Regardless of stance on whether college athletes should be allowed to profit off name, image and likeness, one facet of the NIL debate is largely agreed upon from both sides: There’s uncertainty in the rules that govern athletes’ allowances, rules that lack structure and vary for high school recruits from state to state.
As it currently stands across the country, there’s widespread variability, with seven states permitting athletes to profit off their name and likeness, 17 states considering changing bylaws and 26 states prohibiting it. The inconsistency adds extra difficulties in recruiting because athletes must know how signing a deal that guarantees college money could affect their high school eligibility.
In Texas, for instance, NIL deals are not allowed for high school athletes. And that restriction — and potentially its lack of clarity in Texas — played a role in the No. 1 football recruit in the class of 2022, Quinn Ewers, skipping his senior year of high school in favor of enrolling at Ohio State early and signing an NIL deal reportedly worth $1.4 million.
“I do think that there’s going to be some lawmakers at some point that are probably talking about it, but it’s going to take years,” said Vandegrift (Texas) High School head coach Drew Sanders. “…Parents want to make sure that they’re not doing anything that would get them in trouble eligibility-wise … This is all brand-new for everybody, so I have really zero experience with this. As a coach, I’m not really sure where to steer them to.”
Uncertainty in the immediate wake of sports legislation is nothing new, whether league-specific like the NFL’s concussion protocol or broad, widespread changes like Title IX.
Ten months since the passage of the NIL policy, the aftermath perhaps most closely mirrors that of the NCAA’s mid-1980s adoption of Prop 48, which mandated a minimum for high school grades and college entrance exams scores. Today, it’s a standard model. But when it was passed, it was controversial.
“It threw the entire market into a tailspin because it really changed the way the NCAA ruled on eligibility,” said Randy Eccker, a longtime figure in the sports digital media and technology landscape. “It completely changed the dynamic, but nobody took the time to go in and educate the high school market on what it meant to them and how to do it.”
While the implementation of Prop 48 lacked the resources for affected athletes, Eccker hopes to lead the charge in this next wave of sports ecosystem education. His platform Eccker Sports announced on Monday the launch of an educational services platform that will target high school students, coaches, teachers and administrators with resources including video curriculum, state-by-state information, tools for coaches to educate their communities and a network of legal, financial and tax experts.
The website is the exclusive high school partner of Game Plan, a platform with partnerships at the collegiate and professional level that provides learning resources, career planning and other developmental programs to athletes.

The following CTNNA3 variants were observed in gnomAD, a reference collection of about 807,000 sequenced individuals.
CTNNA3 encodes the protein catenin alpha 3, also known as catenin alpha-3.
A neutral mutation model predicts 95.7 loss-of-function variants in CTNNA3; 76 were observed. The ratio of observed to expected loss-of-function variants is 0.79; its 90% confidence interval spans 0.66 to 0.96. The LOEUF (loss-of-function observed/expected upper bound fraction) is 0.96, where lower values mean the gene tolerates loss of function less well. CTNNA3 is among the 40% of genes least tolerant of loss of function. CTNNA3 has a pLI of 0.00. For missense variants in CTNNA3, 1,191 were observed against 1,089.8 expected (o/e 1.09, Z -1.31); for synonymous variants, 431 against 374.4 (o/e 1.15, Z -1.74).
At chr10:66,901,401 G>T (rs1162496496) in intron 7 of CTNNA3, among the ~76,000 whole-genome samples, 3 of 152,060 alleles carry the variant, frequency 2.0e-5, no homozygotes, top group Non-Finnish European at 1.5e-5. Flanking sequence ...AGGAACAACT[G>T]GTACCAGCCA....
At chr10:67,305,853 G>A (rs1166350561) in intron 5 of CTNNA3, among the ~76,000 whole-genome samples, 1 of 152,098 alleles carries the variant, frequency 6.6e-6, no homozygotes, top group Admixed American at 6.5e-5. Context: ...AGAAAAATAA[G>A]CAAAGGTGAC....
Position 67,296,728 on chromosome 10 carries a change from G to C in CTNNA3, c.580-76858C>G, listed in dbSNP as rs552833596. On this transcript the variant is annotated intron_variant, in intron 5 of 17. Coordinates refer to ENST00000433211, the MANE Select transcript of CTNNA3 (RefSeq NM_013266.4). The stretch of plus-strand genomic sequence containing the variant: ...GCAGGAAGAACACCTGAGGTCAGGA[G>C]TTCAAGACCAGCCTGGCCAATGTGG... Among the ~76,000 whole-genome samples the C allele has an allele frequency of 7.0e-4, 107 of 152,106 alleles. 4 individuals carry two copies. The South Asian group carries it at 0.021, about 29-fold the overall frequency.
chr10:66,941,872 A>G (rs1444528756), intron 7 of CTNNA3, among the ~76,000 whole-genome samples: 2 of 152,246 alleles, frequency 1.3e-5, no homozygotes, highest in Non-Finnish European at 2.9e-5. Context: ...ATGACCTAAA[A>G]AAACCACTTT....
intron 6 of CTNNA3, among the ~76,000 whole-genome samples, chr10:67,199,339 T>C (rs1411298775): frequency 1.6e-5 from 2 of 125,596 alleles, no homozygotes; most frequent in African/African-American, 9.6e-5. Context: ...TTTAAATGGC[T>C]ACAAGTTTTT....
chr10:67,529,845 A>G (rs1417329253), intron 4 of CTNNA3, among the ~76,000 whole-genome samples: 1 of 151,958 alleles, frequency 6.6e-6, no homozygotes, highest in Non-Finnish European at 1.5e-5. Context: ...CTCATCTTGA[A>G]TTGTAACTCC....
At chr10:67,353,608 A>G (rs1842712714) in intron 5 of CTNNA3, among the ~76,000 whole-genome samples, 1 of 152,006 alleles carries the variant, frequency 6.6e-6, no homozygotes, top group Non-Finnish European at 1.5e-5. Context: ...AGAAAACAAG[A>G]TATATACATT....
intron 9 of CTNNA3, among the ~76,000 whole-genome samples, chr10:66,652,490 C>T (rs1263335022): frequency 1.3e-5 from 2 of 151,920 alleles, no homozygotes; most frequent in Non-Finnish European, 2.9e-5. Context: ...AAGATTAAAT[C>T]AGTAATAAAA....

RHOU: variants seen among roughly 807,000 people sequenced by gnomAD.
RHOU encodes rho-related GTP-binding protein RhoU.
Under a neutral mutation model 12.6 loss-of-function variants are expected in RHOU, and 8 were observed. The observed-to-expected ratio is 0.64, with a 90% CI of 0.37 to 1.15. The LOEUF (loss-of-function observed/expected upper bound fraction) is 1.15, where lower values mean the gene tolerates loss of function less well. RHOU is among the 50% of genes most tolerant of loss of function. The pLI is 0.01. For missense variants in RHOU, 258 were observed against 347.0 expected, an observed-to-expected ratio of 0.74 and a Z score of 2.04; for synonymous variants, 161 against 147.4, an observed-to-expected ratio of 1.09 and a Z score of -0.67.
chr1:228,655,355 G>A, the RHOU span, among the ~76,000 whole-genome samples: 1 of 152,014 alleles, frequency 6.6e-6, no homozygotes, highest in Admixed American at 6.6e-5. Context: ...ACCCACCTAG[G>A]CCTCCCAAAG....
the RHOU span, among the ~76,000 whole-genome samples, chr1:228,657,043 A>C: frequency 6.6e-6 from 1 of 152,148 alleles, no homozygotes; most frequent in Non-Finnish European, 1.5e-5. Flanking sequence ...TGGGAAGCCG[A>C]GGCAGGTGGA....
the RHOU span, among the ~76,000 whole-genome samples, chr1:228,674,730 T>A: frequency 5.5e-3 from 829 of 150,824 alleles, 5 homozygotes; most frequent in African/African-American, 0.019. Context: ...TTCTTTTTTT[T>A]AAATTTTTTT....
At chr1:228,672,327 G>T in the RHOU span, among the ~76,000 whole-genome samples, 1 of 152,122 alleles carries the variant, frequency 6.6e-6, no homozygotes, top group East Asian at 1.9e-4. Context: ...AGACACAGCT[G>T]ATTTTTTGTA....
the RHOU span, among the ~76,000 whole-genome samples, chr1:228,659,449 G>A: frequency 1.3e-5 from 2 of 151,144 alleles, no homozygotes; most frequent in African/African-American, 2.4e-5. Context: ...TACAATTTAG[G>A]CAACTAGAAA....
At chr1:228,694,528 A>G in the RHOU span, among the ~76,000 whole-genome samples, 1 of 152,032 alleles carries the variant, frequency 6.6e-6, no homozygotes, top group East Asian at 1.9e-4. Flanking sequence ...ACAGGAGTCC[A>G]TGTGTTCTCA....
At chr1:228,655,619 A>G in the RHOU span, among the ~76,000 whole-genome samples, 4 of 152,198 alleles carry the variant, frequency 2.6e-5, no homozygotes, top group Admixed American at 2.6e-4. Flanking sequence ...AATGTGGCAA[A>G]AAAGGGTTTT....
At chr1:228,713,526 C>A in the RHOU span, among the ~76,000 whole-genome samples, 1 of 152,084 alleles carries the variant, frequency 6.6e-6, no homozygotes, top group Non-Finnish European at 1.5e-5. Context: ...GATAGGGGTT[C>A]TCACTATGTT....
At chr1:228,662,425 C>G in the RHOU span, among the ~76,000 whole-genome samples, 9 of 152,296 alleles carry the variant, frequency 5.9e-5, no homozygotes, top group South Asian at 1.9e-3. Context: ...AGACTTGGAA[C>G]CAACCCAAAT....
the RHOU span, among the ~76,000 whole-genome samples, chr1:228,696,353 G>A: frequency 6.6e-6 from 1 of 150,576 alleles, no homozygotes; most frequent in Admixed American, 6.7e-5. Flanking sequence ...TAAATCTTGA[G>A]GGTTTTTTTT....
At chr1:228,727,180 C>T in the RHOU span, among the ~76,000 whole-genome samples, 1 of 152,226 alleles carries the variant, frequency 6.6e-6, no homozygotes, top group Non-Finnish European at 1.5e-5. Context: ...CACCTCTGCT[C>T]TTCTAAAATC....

Pricing for the Eccker Sports resource hub varies state to state, Eccker said.
“Fast-forward even 10 years and this will be a normal part of the athletic landscape and the athletic education landscape, but today, when we’ve gone in and talked to coaches and administrators at the high school level, there’s a lot of fear and trepidation because it’s so new,” Eccker said.
The need for education on NIL is more expansive than finding a deal without affecting high school eligibility. Chuck Schmidt, Vice President and Executive Director of High School for Playfly Sports and the former COO of the Arizona Interscholastic Association, said that high schoolers whose parents’ jobs take them to different states might be unexpectedly affected. Tax obligations must be outlined for athletes. Athletes and families who see a chance for an influx of money but don’t know the laws could be exploited, whether by signing with someone who isn’t qualified, agreeing to have large percentages of money taken by the agent, or accidentally signing a deal to grant likeness to a brand in perpetuity without realizing the long-term implications.
Athletes’ rights took an enormous step forward with the passage of NIL allowances. Still, the lack of structure at a national level is creating confusion and potential long-term, unforeseen consequences. Eccker and Tim Prukop, the Chief Commercial Officer of the Eccker Sports resource hub, hope the new platform can help athletes and families build effective NIL strategies.
“NIL is just thrown around how great it is for kids to be able to do that, but there’s always something else that starts developing after decisions are made,” Schmidt said. “It’s an environment where every state has its own traditions, law, state law and that culture. Education … is going to be very critical to the success of what’s about to come.”
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